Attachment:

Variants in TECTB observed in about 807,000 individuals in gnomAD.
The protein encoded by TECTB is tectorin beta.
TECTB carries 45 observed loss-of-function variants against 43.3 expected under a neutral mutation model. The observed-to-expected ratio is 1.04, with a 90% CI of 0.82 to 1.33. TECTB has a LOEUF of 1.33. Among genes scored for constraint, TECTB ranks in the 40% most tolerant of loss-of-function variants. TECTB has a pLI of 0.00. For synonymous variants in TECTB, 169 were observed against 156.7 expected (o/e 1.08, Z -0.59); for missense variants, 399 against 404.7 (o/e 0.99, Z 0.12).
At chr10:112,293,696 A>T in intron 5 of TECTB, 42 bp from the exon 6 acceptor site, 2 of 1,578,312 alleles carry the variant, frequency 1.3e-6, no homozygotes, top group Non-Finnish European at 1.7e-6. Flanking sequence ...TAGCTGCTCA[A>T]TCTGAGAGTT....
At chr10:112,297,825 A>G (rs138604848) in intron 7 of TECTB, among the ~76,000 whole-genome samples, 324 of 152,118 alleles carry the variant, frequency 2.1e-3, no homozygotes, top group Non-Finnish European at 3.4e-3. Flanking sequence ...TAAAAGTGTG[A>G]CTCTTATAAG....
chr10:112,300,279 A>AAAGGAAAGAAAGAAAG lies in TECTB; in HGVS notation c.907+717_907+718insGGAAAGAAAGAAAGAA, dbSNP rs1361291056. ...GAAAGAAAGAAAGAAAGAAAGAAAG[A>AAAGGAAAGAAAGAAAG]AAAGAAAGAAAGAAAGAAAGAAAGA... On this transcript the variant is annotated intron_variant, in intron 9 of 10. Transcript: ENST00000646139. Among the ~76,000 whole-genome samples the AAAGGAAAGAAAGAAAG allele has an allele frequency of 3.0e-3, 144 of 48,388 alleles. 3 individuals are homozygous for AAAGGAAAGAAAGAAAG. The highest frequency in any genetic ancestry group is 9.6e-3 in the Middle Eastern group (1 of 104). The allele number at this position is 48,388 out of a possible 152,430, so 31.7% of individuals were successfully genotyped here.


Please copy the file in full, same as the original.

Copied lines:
Variants in TECTB observed in about 807,000 individuals in gnomAD.
The protein encoded by TECTB is tectorin beta.
TECTB carries 45 observed loss-of-function variants against 43.3 expected under a neutral mutation model. The observed-to-expected ratio is 1.04, with a 90% CI of 0.82 to 1.33. TECTB has a LOEUF of 1.33. Among genes scored for constraint, TECTB ranks in the 40% most tolerant of loss-of-function variants. TECTB has a pLI of 0.00. For synonymous variants in TECTB, 169 were observed against 156.7 expected (o/e 1.08, Z -0.59); for missense variants, 399 against 404.7 (o/e 0.99, Z 0.12).
At chr10:112,293,696 A>T in intron 5 of TECTB, 42 bp from the exon 6 acceptor site, 2 of 1,578,312 alleles carry the variant, frequency 1.3e-6, no homozygotes, top group Non-Finnish European at 1.7e-6. Flanking sequence ...TAGCTGCTCA[A>T]TCTGAGAGTT....
At chr10:112,297,825 A>G (rs138604848) in intron 7 of TECTB, among the ~76,000 whole-genome samples, 324 of 152,118 alleles carry the variant, frequency 2.1e-3, no homozygotes, top group Non-Finnish European at 3.4e-3. Flanking sequence ...TAAAAGTGTG[A>G]CTCTTATAAG....
chr10:112,300,279 A>AAAGGAAAGAAAGAAAG lies in TECTB; in HGVS notation c.907+717_907+718insGGAAAGAAAGAAAGAA, dbSNP rs1361291056. ...GAAAGAAAGAAAGAAAGAAAGAAAG[A>AAAGGAAAGAAAGAAAG]AAAGAAAGAAAGAAAGAAAGAAAGA... On this transcript the variant is annotated intron_variant, in intron 9 of 10. Transcript: ENST00000646139. Among the ~76,000 whole-genome samples the AAAGGAAAGAAAGAAAG allele has an allele frequency of 3.0e-3, 144 of 48,388 alleles. 3 individuals are homozygous for AAAGGAAAGAAAGAAAG. The highest frequency in any genetic ancestry group is 9.6e-3 in the Middle Eastern group (1 of 104). The allele number at this position is 48,388 out of a possible 152,430, so 31.7% of individuals were successfully genotyped here.